Thermal simulation using heat transfer and CFD to evaluate cooling strategies for high power density electronics.
Thermal analysis using CFD to evaluate possible forced convection cooling strategies for the ANYmal legged robot, showing airflow over heat sinks.

Autonomous robotics require demanding engineering simulation that can account for a broad range of physical phenomena. ANYmal robots work in both natural and industrial sites, whilst being exposed to challenging atmospheres including slippery, dusty, or even explosive environments. These must be accounted for when designing any of its hardware components. With SimScale we found our ideal balance between ease of use, variety of capabilities, and the ability to handle complex physics. However, we came to appreciate SimScale's customer service as the most welcome benefit of all: their expert involvement allowed even less experienced engineers to run reliable simulation studies.

Dr. Alessandro Scafato, Development Engineer at ANYbotics

Dr. Alessandro Scafato

Senior Development Engineer at ANYbotics

Next Steps

ANYbotics has developed considerable simulation expertise in its engineering team and uses advanced physics and engineering to develop the next generation of autonomous robots. The engineering team already performs hundreds of simulations for each product and component design, made possible by the cloud computing and scalability of the SimScale platform.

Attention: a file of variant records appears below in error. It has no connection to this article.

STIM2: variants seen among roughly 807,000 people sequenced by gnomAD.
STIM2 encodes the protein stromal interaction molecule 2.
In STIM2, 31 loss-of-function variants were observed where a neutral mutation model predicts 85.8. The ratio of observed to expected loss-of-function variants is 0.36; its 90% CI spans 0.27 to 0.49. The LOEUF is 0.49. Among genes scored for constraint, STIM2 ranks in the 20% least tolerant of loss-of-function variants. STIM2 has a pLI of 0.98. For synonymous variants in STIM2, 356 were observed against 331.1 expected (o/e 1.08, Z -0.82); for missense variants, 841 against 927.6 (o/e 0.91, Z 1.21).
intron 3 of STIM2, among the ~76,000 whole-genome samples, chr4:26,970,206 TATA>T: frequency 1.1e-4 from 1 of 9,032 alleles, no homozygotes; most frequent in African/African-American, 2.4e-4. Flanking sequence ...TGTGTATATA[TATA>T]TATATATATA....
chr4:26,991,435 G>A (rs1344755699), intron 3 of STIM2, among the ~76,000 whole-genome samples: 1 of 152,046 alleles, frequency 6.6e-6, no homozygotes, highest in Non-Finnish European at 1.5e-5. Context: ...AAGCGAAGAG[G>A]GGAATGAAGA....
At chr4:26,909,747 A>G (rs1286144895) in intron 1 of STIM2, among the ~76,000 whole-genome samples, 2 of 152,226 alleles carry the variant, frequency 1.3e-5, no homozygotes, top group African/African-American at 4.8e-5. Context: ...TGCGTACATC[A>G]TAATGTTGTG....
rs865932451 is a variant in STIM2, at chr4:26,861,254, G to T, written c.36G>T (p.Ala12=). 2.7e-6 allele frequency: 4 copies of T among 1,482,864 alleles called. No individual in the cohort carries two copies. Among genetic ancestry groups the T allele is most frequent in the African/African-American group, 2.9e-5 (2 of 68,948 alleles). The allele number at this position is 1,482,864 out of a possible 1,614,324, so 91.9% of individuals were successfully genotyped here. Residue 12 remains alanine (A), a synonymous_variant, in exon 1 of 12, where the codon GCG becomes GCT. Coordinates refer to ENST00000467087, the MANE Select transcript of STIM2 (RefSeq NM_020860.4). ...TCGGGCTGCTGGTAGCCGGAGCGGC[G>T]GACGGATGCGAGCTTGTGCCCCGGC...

They plan to extend the use of multiple analysis types to include vibration and harmonic testing of critical components, and leverage CFD further when designing cooling systems for their more prominent and powerful robots. Combining multiple analysis types across the entire design cycle for numerous product categories also requires automation within the design to simulation workflow. ANYbotics plans to leverage the powerful SimScale application programming interface (API) to integrate its CAD, design of experiment (DoE) tools, and simulation into an efficient workflow, suitable for a growing engineering company at the forefront of robotics. This would allow the engineering team to use the power of simulation beyond just design and digital twinning to quantify risks under various operating conditions. This allows for the better training of algorithms that can predict failure in real-world situations.